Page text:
This included a fully underwritten institutional placement to raise $A101 million and a partly underwritten 1:1 entitlement offer to raise a minimum of $A174 million and a maximum of $A231 million.
Retail shareholders who apply for their entitlement in full, can apply for additional shares up to 100% of their entitlement. The retail component of the offer takes place over two weeks.
Given that the raising incorporated an entitlement offer and the option of retail shareholders applying for additional shares, retail shareholders would not have been meaningfully disadvantaged by the placement.
This assumes of course that retail shareholders have the capacity to participate in the offer.
3. Flight Centre (ASX: FLT)
A heavily discounted, fully underwritten $A 700m equity raising at an offer price of $A 7.20 (27.3% discount to the last traded price of $A 9.91 on 19 March 2020 and a 16.1% discount to TERP of $A8.582).
The raising includes a $A 282m institutional placement and a $A 419m pro-rata 1 for 1.74 entitlement offer (institutional component to raise $A 280m and the retail component to raise $A 138m). The retail component of the offer takes place over two weeks.
The discounted placement represented 40% of the shares on issue prior to the raising. Though retail shareholders have been diluted, it is at least fortunate that the offer also includes a significant entitlement offer. There is no provision for rights trading.
4. Ooh!Media Ltd (ASX:OML)
A heavily discounted, fully underwritten equity raising of $A 167m at $A 0.53 per share (37% discount to the closing price of $A 0.84 on 19th March and a 20% discount to TERP of $A 0.66).
The raising included a $A39m placement and an accelerated non-renounceable pro-rata entitlement offer of 1 share for every 1 share held to raise $A 128m. The retail component of the offer takes place over two weeks.
The heavily discounted issue price meant that the dilutionary impact of the placement was significant despite the placement represented less than 25% of the full raising. Retail shareholders who are unable or unwilling to take up their rights will be heavily diluted.
5. Southern Cross Austereo (ASX:SXL)
A heavily discounted, fully underwritten equity raising of $A169m at $A 0.09 per share (45.5% discount to the last traded price of $A 0.165 on 23 March 2020 and a 19.5% discount to the TERP of $A 0.112).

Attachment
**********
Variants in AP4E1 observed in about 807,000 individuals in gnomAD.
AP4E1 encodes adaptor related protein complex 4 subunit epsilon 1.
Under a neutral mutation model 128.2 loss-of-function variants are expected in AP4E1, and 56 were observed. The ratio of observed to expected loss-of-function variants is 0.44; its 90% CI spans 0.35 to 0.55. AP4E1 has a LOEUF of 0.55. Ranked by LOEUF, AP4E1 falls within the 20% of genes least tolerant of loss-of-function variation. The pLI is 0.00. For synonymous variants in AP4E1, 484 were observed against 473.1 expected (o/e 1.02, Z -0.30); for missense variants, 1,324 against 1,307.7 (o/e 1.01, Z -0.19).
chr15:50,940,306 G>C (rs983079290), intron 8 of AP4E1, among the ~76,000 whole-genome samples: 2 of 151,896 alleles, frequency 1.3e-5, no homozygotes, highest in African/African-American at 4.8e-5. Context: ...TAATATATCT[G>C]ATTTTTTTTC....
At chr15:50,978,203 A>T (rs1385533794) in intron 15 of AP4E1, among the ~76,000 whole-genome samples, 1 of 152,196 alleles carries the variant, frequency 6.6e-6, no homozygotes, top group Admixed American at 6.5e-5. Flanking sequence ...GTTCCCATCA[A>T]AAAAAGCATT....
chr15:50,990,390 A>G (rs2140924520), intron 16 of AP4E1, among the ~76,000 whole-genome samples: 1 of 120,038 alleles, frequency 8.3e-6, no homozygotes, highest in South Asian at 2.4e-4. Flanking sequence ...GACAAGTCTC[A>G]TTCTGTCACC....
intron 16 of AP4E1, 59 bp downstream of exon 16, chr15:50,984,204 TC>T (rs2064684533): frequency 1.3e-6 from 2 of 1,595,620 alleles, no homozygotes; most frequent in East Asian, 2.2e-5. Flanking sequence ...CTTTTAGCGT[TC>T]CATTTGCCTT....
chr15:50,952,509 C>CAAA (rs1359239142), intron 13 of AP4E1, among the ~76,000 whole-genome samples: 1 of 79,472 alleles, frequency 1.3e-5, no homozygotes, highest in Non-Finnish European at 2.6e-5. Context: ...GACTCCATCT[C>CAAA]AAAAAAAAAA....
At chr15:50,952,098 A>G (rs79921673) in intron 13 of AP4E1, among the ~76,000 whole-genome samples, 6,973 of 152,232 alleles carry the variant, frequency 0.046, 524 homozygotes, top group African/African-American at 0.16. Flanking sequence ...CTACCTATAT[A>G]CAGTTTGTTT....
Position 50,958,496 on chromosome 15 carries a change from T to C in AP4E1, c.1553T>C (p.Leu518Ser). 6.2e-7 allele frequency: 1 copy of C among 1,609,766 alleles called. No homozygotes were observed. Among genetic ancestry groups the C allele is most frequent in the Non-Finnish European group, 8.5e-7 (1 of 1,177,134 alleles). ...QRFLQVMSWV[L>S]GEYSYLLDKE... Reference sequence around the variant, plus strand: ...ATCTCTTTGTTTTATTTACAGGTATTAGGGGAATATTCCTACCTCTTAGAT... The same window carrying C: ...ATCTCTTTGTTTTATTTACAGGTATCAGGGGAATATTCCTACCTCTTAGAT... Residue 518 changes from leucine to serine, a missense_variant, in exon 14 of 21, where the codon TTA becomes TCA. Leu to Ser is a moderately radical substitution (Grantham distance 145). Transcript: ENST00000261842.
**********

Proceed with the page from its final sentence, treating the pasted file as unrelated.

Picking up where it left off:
The raising included a placement of $A47m and an entitlement offer of $A122m at a ratio of 1.75 shares for every 1 share held. The institutional component of the entitlement offer is for $A103m and the retail component $A18m. The retail offer takes place over two weeks.
Given the heavily discounted offer price and the fact that the placement made up 28% of the raising, the dilutionary impact is significant.
6. G8 Education (ASX:GEM)
A heavily discounted, fully underwritten equity raising of $A 301m comprising an institutional placement of $134 million; and a 1 for 2.2 pro-rata accelerated non-renounceable entitlement offer of approximately $A167 million.
The entitlement offer is made up of an institutional component of approximately $A89 million and a retail component of approximately $A 79 million.
The offer price is $A0.80 per share which is a 25.9% discount to the last traded price of $A1.08 on 2 April 2020 and a 16.1% discount to TERP of $A0.95. Retail shareholders who take up their entitlement can apply for additional shares up to 25% of their entitlement.
The dilution of the holdings of retail shareholder is only partially offset by the inclusion of the option to purchase additional shares.
7. Reece (ASX:REH)
A fully underwritten equity raising for $A600m comprising a fully underwritten $A232 million accelerated pro-rata non-renounceable entitlement offer; a fully underwritten $A368 million institutional placement and a non-underwritten Share Purchase Plan (each retail shareholder can apply for up to $A 30,000 under the SPP and applications will be met in full).